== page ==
Gaz Marshall getting ready for a rollercoaster ride on Firestone E7 6b, Cairngorm. Click on the pics for a bigger view.
Last week I had an excellent day out with Gaz over on Hells Lum. Gaz was after his first E7 and had been working on the unrepeated (?) E7 Firestone by Julian Lines. Firestone is a perfect piece of granite. Worn perfectly smooth by ice and water, it’s quite beautiful to look at. It’s also quite weird, if you stand on a particular part of the hillside, it looks easy angled enough to almost run up. I can tell you, it doesn’t feel like that when you are on it.
Gaz was clearly juggling the sense of being within striking distance of leading his project that day with the questions about when is the right moment to go for it. How much des excitement cloud the judgement. Only experience tells you. And experience is got the hard way and no other.
So, he went to find out, and started padding up the slab. I hung on a rope and shot pictures for some time as he got higher and higher, but suddenly became aware that he’d stopped one move before the end of the difficult section, and everything had seemed to go nauseatingly silent. Still looking through the lens, I felt my mouth go dry as I watched him try several times to replace a sliding foot before suddenly launching both hands into the air, windmilling wildly and shouting “NAHHH I”M OFF”.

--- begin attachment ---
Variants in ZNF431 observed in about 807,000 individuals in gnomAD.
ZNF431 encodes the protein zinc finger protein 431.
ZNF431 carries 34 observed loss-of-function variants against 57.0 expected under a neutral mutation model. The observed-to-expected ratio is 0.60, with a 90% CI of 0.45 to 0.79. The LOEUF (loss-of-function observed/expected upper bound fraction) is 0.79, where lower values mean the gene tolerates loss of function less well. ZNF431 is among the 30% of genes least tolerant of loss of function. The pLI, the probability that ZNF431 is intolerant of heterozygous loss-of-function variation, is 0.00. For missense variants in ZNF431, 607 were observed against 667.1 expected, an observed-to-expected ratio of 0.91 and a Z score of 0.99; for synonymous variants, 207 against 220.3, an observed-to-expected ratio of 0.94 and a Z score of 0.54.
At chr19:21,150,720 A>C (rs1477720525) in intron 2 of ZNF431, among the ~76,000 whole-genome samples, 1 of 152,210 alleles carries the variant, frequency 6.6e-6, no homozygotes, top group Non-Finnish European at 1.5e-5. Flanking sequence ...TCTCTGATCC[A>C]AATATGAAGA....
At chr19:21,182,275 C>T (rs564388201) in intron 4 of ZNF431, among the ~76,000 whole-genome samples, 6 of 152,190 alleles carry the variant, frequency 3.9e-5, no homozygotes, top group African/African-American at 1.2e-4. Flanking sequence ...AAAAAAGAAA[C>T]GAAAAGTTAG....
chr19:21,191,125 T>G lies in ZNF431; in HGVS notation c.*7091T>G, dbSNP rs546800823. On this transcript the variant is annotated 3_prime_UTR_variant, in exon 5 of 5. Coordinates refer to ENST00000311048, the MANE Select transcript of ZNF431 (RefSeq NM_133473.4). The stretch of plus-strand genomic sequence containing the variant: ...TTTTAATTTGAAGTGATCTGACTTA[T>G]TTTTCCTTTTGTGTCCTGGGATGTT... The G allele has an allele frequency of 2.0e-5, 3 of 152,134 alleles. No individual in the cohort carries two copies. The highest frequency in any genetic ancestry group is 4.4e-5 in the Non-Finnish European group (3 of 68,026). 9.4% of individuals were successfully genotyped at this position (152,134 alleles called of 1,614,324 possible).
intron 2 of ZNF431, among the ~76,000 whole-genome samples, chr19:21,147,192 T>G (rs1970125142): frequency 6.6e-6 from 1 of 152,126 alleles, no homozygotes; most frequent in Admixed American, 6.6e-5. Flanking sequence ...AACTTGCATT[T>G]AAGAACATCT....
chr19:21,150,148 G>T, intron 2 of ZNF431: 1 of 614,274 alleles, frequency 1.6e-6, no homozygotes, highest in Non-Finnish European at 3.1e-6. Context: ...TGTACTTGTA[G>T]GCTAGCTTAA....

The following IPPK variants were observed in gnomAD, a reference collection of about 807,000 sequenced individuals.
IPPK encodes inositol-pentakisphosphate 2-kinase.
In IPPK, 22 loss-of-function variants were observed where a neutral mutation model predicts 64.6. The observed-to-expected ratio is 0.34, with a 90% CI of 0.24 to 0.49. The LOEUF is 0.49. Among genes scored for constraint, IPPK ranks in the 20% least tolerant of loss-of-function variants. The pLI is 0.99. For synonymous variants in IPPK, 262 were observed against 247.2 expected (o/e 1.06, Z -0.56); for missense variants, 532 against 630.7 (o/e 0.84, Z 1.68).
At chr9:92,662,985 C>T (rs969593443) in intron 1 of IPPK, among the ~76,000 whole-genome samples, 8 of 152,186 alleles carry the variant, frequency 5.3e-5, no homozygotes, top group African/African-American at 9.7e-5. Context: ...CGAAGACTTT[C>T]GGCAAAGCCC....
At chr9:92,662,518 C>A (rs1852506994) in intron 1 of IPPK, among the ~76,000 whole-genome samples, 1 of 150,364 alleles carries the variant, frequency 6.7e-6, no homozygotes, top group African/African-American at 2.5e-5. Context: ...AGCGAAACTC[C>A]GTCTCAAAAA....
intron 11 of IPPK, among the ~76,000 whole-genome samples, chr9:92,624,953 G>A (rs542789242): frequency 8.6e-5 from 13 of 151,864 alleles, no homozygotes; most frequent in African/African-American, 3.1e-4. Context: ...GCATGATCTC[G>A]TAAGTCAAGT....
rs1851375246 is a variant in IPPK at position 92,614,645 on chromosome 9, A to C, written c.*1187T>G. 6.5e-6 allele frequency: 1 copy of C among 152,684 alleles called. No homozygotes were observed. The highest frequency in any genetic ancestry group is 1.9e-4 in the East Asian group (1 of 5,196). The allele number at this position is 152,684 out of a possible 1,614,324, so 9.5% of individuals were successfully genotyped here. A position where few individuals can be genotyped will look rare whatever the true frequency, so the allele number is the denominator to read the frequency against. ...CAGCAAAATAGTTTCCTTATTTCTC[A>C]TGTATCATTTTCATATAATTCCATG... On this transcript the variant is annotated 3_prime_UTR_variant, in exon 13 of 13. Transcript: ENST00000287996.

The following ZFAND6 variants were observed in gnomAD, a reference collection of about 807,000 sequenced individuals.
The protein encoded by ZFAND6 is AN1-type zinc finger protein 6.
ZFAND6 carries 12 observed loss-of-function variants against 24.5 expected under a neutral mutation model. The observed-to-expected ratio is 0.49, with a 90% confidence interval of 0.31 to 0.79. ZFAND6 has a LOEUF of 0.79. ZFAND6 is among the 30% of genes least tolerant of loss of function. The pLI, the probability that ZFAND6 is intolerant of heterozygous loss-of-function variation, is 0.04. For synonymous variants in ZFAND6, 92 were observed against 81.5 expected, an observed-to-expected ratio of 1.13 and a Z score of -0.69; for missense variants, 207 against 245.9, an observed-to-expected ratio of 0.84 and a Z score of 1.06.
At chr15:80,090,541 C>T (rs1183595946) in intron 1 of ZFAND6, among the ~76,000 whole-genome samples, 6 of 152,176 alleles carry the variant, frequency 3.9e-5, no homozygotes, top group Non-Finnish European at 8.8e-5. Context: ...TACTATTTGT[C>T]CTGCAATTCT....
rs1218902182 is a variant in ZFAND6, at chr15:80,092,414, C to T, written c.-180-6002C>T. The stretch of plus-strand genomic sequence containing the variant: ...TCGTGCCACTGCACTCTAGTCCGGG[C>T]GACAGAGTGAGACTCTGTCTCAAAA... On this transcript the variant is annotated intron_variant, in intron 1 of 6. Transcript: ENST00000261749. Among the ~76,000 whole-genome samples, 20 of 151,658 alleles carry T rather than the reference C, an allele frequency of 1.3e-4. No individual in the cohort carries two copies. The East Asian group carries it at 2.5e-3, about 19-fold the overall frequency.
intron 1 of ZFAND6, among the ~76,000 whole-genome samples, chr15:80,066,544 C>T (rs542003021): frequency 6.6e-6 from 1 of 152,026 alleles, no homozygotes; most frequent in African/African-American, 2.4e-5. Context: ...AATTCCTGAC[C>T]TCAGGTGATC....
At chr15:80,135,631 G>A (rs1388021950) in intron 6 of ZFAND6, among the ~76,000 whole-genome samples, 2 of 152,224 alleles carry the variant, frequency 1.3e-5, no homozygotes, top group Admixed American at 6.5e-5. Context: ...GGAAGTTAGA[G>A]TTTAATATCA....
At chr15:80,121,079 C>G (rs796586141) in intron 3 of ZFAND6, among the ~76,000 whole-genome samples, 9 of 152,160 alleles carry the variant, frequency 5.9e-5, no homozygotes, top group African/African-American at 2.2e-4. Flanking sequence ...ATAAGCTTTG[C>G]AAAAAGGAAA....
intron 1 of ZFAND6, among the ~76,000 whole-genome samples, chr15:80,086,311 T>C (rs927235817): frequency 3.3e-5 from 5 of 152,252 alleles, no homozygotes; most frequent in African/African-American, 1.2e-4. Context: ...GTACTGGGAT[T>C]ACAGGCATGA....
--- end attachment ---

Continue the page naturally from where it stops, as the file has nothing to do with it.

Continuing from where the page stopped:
I wondered what to do. As he turned and fell, I realised I was most likely about to watch a mate break his legs. So quick thinking allowed me to put off bracing myself for it by simply carrying on shooting pictures as he went for the big ride down the slab.
I can tell you he was going pretty damn fast by now!
Impressive body pasting to maximise sliding friction, together with a fine land-and-roll down the boulders technque. Allowed Gaz to take the 12 metre fall, then get up and start laughing his head off. Thank god for that.
Claire reckons it’s witnessing scary climbing antics from behind a lens than from belaying. But this did me little good when it was my turn to solo Firestone next. I made it, but I must say I prefer having holds to squeeze harder when I get scared. Full points for steeliness went to Gaz though for limping back over to the route, walking wounded, and going back up it to finish the job! A fine example of grit you don’t see very often now.
This doesn't really need a caption, does it? Gaz’s blog about the adventure is here.